Prototype Stage: Based on the concept design work from the previous stage, one or multiple permutations of the desired product or service are created and then, in real-world settings, these are tested. This could be conducted in a “laboratory” setting such as focus group or as part of a beta project at customer sites in the B2B space. The focus here is to test and refine real world, working products or services rather than theoretical concepts. There are few substitutes for allowing prospective customers to touch, feel and use a new innovation.

Post-launch Incubation: This goes beyond prototyping and, instead, uses one of multiple potential customer segments as a platform to accomplish a host of objectives. With the three most common being to 1) refine the MarComms strategy around said product or service, 2) test real world interest and adoption before scaling production resources for broader market entry and/or 3) generating buzz about the product by creating a level of actual, not just perceived, exclusivity.

Successful product and service innovation relies on multi-stage market testing and product or service refinement.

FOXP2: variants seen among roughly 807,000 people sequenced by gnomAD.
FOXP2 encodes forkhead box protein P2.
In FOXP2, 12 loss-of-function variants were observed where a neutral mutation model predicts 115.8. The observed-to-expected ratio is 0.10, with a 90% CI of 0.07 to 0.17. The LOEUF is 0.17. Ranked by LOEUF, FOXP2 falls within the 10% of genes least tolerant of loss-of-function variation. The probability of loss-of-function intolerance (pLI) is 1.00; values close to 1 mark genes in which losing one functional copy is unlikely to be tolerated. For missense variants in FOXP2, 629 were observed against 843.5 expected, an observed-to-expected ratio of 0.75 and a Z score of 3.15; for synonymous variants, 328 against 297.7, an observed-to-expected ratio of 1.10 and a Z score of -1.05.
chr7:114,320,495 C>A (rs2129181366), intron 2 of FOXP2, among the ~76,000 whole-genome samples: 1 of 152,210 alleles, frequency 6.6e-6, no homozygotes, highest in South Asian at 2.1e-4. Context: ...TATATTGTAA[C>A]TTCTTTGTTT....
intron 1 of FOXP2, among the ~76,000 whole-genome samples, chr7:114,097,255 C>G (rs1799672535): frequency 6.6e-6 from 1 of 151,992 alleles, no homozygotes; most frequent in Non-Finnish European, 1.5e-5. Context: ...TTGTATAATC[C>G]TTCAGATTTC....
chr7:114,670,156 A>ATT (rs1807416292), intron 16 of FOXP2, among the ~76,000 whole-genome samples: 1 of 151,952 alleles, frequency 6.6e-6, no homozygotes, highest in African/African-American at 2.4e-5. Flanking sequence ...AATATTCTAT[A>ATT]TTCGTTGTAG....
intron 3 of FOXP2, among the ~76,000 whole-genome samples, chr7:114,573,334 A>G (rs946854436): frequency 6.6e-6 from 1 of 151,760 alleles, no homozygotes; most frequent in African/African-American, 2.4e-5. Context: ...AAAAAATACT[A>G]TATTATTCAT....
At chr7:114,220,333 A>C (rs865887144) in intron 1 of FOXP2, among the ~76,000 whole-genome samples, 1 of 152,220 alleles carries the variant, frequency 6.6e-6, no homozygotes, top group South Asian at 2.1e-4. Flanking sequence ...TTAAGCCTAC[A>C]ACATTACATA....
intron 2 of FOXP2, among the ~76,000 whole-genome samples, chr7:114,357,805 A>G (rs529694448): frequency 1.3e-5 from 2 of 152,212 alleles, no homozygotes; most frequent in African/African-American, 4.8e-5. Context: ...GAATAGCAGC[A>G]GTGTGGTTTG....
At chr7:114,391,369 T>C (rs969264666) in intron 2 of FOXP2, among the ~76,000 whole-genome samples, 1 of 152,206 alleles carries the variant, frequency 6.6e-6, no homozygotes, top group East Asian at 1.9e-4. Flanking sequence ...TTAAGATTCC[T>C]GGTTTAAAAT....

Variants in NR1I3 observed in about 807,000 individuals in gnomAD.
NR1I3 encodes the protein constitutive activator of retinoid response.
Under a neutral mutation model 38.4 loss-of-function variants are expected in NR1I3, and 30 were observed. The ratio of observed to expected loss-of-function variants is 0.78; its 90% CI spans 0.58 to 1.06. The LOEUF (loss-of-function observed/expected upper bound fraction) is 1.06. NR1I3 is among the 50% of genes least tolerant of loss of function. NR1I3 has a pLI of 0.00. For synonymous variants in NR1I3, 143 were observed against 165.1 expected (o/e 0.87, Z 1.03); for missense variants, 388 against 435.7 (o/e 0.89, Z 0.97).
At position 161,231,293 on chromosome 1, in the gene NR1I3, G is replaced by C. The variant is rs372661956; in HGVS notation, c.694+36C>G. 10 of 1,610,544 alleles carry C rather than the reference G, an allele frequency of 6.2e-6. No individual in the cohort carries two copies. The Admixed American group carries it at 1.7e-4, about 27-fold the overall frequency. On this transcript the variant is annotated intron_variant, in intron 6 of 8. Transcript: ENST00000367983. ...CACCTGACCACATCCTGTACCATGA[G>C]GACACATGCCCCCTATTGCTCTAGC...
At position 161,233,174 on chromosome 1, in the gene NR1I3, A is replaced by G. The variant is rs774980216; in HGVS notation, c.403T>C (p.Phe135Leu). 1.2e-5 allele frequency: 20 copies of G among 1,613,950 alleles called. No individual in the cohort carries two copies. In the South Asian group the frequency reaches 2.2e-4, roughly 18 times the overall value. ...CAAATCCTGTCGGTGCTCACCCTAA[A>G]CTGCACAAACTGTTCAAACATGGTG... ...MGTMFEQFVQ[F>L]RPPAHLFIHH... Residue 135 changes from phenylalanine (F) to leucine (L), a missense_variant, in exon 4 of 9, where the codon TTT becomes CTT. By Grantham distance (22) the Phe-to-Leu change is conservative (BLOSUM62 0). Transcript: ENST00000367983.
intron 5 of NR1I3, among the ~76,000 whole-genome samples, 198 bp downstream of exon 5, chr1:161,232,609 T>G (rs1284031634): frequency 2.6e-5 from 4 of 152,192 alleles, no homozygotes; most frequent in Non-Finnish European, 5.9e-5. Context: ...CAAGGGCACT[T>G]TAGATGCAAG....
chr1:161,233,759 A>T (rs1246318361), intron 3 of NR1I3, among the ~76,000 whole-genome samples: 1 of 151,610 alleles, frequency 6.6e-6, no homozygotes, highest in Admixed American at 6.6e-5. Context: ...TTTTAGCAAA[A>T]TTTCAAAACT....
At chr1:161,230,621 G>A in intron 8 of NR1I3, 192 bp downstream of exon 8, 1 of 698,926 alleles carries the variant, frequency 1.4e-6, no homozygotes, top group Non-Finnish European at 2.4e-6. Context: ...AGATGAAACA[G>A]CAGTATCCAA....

What risks does your company run if you don’t have an effective market testing process?

At a basic level, you risk potential product failure and whatever money you invest in the new product or service, including substantial expenditures in scaling your operations to produce, market and commercialize such products and services. It’s easy to get excited at the prospect of releasing a new product or service, but the stress of running a P&L and resulting myopia created by short-term profit motive can prove to be detrimental to the process, resulting in executives putting market testing on the backburner to save time (i.e., to hit a perceived market window) or money. In such instances, though, those short cuts catch up with you with real financial cost to your division or corporation.

Ineffective market testing and resulting new product or service failure can have a far more substantial and long-lasting impact. A major failure can kill the culture of innovation within your organization, leading to reluctance in future new product or service development efforts. That is truly the biggest risk organizations face with improper testing. Why? Because a suffocated culture of innovation fundamentally undermines your long-term competitiveness. Even the most stable industries continue to see disruption and standing still, in most instances, is equivalent to sliding backward.

In conclusion: Resist getting ahead of yourself in the new product and service development process. A healthy amount of anticipation is great, of course. But successful product and service innovation relies on multi-stage market testing and product or service refinement to make certain the planned offering has a tight fit with the market – your customers’ needs, competitor moves and, of course, your unique skills and capabilities.

If you would like to learn more about our extensive experience with market testing or how we would approach assisting you with testing,

Contact us to learn more.